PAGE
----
Free2Work: End Human Trafficking and Slavery Frontend Ratings A company's risk levels indicate the prevalence of child and forced labor in the particular production process and countries in which it is operating. A company can still receive an A if it is operating in HIGH RISK situations. A company operating in HIGH RISK areas must take more precautions to ensure against abuses than one operating in LOW RISK areas; thus, Free2Work grades such a company on a more rigorous scale. Free2Work draws country and industry risk data from the U.S. Department of Labor's List of Goods Produced With Child Labor or Forced Labor and from the Trafficking in Persons Report "Tier Placements" put out by the U.S. Free2Work draws country and industry risk data primarily from the U.S.

'Intergalactic Nemesis': From Radio To Page To Stage hide captionA Multimedia Production: The performance of The Intergalactic Nemesis involves (from left to right) three voice actors, a foley artist, a keyboardist and, overhead, art from the graphic novel on screen. Intergalactic Nemesis/The Robot Planet What began in the 1990s as a traditional radio play at a coffee shop in Austin, Texas, has morphed from a radio play, to a graphic novel, to a live performance. To set the stage: It's 1933, there's a Pulitzer Prize-winning reporter, an evil hypnotist, a time-traveling librarian and alien sludge monsters. YouTube Recorded at the Long Center for the Performing Arts in Austin, Texas, in July 2011 "There was literally a sound for everything," Neulander says — for example, the sound of hypnotism, which the foley artist creates by whirling around two toy plastic tubes. Eventually the Intergalactic Nemesis crew teamed up with a graphic artist. Chris Gibson plays nine characters in the show.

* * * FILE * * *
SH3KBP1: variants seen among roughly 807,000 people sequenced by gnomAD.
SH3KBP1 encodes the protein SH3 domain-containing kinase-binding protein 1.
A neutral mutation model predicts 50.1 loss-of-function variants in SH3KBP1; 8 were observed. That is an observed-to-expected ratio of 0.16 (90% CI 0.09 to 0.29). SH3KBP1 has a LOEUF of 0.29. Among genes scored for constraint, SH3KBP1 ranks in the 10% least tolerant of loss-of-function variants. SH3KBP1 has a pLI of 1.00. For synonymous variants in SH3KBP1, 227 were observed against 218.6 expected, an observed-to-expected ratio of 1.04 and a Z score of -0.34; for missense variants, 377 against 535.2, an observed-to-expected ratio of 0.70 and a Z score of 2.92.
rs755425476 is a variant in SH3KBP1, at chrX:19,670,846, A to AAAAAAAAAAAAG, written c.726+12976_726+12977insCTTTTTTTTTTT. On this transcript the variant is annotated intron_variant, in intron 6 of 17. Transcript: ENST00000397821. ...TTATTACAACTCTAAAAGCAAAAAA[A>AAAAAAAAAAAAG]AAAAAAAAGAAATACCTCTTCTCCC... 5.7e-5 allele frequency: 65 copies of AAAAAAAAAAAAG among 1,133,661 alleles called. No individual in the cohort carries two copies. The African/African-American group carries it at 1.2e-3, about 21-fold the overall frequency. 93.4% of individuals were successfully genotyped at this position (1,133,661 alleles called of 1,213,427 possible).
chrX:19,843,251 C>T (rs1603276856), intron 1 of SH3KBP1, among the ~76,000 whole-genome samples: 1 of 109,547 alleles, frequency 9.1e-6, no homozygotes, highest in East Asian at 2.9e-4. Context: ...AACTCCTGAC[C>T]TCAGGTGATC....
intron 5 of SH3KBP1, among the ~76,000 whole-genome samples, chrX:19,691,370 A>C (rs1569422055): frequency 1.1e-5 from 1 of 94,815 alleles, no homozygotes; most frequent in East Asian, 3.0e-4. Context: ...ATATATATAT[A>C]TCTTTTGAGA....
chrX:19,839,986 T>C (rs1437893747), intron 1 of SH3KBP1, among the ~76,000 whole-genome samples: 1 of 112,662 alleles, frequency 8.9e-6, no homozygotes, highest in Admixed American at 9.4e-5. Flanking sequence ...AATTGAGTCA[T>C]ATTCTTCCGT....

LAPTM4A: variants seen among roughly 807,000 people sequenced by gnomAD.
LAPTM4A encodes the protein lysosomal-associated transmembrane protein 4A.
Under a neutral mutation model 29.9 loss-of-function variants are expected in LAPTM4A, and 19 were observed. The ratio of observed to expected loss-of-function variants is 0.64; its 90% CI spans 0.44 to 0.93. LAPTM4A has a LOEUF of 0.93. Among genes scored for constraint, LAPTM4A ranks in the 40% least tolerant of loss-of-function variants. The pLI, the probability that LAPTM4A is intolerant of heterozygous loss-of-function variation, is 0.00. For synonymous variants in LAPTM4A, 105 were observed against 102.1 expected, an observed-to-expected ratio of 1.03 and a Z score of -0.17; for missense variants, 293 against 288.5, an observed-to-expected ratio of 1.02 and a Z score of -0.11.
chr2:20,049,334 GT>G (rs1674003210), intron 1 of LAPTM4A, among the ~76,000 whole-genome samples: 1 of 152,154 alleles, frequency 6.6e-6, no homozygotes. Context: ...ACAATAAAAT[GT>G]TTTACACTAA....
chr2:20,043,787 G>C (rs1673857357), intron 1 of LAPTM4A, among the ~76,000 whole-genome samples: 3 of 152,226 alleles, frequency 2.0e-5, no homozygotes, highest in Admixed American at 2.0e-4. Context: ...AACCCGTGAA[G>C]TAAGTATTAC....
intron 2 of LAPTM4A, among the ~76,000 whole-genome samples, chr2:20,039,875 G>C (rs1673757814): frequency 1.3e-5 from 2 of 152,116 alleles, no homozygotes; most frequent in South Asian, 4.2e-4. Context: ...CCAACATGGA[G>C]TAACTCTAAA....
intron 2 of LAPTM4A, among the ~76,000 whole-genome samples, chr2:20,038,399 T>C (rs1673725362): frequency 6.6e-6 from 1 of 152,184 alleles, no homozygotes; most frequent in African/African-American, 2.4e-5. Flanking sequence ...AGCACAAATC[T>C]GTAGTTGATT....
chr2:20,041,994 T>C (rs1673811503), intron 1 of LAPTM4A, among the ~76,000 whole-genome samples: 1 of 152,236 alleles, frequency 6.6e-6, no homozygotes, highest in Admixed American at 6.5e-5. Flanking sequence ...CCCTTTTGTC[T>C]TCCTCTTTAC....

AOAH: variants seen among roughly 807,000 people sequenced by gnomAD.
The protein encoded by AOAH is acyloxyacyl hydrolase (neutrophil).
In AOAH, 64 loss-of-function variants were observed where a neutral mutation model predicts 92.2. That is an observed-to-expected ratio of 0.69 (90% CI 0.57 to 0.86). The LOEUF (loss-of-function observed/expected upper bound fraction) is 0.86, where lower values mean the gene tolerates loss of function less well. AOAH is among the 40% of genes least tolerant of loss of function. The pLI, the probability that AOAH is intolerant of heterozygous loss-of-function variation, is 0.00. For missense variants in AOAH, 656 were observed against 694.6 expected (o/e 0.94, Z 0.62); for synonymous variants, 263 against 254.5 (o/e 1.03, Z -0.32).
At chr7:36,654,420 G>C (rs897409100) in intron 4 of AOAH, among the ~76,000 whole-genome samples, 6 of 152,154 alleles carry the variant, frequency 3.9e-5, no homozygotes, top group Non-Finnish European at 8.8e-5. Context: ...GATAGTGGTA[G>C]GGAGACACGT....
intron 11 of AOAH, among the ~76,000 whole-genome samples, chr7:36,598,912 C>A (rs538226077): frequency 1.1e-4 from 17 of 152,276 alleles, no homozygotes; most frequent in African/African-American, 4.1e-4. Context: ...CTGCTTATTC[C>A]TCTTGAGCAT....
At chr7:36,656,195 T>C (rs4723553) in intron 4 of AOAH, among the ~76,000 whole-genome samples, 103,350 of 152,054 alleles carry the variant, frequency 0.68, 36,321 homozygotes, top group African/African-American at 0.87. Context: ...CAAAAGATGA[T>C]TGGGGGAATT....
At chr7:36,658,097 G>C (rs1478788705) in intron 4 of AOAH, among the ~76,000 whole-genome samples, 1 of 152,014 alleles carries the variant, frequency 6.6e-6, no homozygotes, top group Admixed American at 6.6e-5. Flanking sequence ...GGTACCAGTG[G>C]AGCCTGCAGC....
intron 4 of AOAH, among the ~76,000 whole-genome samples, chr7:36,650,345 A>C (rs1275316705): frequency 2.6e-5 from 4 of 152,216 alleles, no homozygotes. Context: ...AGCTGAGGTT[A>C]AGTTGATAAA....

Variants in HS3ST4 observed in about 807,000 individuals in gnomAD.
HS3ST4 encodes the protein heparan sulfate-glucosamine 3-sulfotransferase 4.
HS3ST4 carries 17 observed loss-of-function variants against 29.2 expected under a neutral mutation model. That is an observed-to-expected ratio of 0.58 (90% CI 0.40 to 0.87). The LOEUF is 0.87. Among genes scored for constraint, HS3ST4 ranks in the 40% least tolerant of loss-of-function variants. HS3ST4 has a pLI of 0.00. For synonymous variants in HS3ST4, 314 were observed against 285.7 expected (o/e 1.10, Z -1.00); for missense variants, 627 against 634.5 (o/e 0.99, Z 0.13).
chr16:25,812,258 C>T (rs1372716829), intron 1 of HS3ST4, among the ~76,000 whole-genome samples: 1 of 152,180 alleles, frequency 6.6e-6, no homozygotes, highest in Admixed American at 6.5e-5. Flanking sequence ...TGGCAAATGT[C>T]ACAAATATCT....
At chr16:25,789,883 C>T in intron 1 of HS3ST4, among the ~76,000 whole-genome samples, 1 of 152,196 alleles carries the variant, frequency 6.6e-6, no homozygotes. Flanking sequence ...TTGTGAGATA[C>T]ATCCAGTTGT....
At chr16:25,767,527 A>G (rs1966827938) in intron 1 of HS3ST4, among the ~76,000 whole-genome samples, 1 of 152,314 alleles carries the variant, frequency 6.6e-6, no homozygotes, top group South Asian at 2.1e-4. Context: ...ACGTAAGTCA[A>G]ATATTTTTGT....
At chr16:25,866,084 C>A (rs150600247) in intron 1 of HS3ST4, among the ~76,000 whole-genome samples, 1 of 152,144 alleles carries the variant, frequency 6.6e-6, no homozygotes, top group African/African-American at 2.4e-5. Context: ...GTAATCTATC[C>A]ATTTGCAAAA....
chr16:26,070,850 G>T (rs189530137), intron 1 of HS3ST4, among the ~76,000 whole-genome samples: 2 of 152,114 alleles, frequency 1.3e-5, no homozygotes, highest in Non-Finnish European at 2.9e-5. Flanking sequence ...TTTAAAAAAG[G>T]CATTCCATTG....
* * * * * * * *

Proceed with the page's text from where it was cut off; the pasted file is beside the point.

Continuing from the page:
Community This guest post comes to us from Anne-Marie Hardie, Canada-based writer and lover of all things coffee and tea. Photographer James Rodríguez shares insights and experiences from his Fair Trade journey Today, we are honored to share a Q&A with one of our very talented friends, photojournalist James Rodríguez. James is an independent U.S.-Mexican documentary photographer based in Guatemala since 2004. Today's guest blog post is brought to us by Operation Groundswell, a travel organization that has generated a movement of socially conscious and globally aware activists, better known as 'backpacktivists.' Oliberté supports Africa’s growing middle class through Fair Trade footwear Today, we are honored to share a Q&A with one of our valued Fair Trade partners, Oliberté. At its core Fair Trade is about sustainability, in every sense of the word.